Bank lending to euro-area businesses will grow by 1.6% in 2014 but will be dampened by the ECB's Asset Quality Review, according to Ernst & Young.

The British Chambers of Commerce reported strong growth and rising confidence in Q4 of 2013, suggesting the country's economic recovery will pick up speed, with the UK Q4 services employment and export balances hitting record highs.

The ECB alloted EUR 112.458bln in 7-Day MRO, 92 bidders
- The ECB last allotted EUR 168.662bln in 9-day MRO to 181 bidders.

According to Diario Economico citing sources, Portuguese govt and debt agency IGCP consider that the current level of yields already allows Portugal to go ahead with a bond sale.

  • 14 out of 19 Stoxx 600 sectors rise; bank, real estate outperform, personal & household, tech underperform
  • 57% of Stoxx 600 members gain, 41.5% decline
  • German Dec. unemployment -15k vs -1k est.
  • U.K. Dec. new car registrations +23.8%
  • Top Stoxx 600 gainers: Banco Espirito Santo SA  +7.7%, Vestas Wind Systems A/S  +5.9%, Banco Popular Espanol SA +5.3%, Banca Popolare di Milano Scarl  +5.1%, Banca Popolare dell’Emilia Rom  +5%, Bankinter SA  +4.4%, Telekom Austria AG  +4.4%, CaixaBank SA  +4.2%, Credit Agricole SA  +4%, Banco Bilbao Vizcaya Argentari  +3.8%
  • Top Stoxx 600 decliners: Swedish Match AB -5.3%, Eurazeo SA -3.6%, Software AG -2.8%, Swatch Group AG/The -2.7%, BBA Aviation PLC -2.7%, Solvay SA -2.6%, Komercni Banka AS -2.5%, Chr Hansen Holding A/S -2.3%, Metro AG -2.4%, STMicroelectronics NV -2.3%

Asian Headlines

China will draft a comprehensive plan with detailed rules for foreign exchange reform this year, according to the PBoC deputy governor.

  • Asian stocks fall  with the Kospi outperforming and the Nikkei underperforming.
  • MSCI Asia Pacific down 0.5% to 138.6
  • Nikkei 225 down 0.6%, Hang Seng up 0.1%, Kospi up 0.3%, Shanghai Composite up 0.1%, ASX down 0.1%, Sensex down 0.5%
  • 2 out of 10 sectors rise with telcos, consumer outperforming and materials, utilities underperforming
  • Gainers: Li & Fung Ltd  +9.6%, SK Networks Co Ltd  +7.4%, Celltrion Inc  +6.9%, PTT PCL  +6.4%, Airports of Thailand PCL  +6.3%, Epistar Corp  +6.1%, Hyundai Mipo Dockyard +5.8%, Hyundai Merchant Marine Co Ltd  +5.7%, Galaxy Entertainment Group Ltd  +5.7%
  • Decliners: Sinopec Shanghai Petrochemical -6.3%, Adaro Energy Tbk PT -5.4%, CITIC Securities Co Ltd -5%, Fortescue Metals Group Ltd -4.7%, Energy Development Corp -4.3%, Guangzhou Automobile Group Co -4.2%, Tsumura & Co -4.1%, Adani Enterprises Ltd -4%, MS&AD Insurance Group Holdings -3.9%, Indo Tambangraya Megah Tbk PT -3.8%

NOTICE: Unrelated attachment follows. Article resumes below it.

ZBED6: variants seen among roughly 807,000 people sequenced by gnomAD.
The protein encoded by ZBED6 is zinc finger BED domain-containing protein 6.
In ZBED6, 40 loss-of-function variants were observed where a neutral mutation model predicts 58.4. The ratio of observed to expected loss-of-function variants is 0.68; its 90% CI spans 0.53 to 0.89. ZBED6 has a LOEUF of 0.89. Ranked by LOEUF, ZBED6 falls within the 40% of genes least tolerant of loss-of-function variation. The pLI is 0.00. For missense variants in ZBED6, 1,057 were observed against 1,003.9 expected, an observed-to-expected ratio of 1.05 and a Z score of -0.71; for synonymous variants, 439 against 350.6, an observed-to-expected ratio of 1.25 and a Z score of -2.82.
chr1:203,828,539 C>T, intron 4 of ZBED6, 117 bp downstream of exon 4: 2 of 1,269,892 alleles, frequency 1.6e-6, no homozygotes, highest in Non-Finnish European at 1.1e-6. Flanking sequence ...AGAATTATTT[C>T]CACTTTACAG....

US Headlines

Fed's Janet Yellen was confirmed by the US Senate by 56-26 votes to become the next US Fed chairperson, alongside expectations.

Temperatures in eastern states are forecast to be the coldest since the mid-1990s. In New York they are set to drop to minus 14C from a high of 13C on Monday, as the effects of the chill extend as far south as Florida

Equities

European stocks are trading higher with financials benefiting the most from the consequent credit and bond yield spreads tightening, with smaller Italian and Spanish banks gaining around 4%. In terms of stock specific news Vestas is among the best performing stocks in Europe after late yesterday the company upgraded free cash flow (FCF) views for 2013 to approx. EUR 1bln vs. EUR 500- 700mln. Whilst Swedish Match shares are the worst performing stock in Europe after after analysts at Citi downgraded the co. to sell.

FX

The release of better than expected macroeconomic data from Germany, together with an inline Eurozone inflation data saw EUR/USD comes off overnight lows and move into positive territory. The momentum gained further traction after the ECB allotted smaller than expected amount in its regular MRO ops, which also lifted EONIA 1y1y rates. Consequent USD weakness which saw the USD index move to unchanged on the session also ensured that in spite of absence of any positive news flows, GBP/USD moved into positive territory.

Deutsche Bank forecasts USD/JPY at 115.00 by end-2014, at 120.00 by end-2015 and predicts the BoJ will expand QE in April to include purchases of JPY 6trl in ETFs.

Commodities

According to analysts, the severe cold weather sweeping across the central United States is threatening to curtail some oil production, if only briefly, as it disrupts traffic, strands wells and interrupts drilling and fracking operations.

Chinese imports of copper and iron ore likely fell in December from the month before due to a cash crunch and as growth momentum slowed.

Holdings in the SPDR Gold Trust, the biggest bullion-backed exchange-traded product, held at 794.62 tons yesterday, the lowest level since 2009, according to data on the fund's website. A total of 552.6 tons was withdrawn last year.

UBS sees gold demand of 1.49mln oz this week due to the rebalancing of the DJ-UBS Commodity Index

* * *

We conclude with the event recap from DB's Jim Reid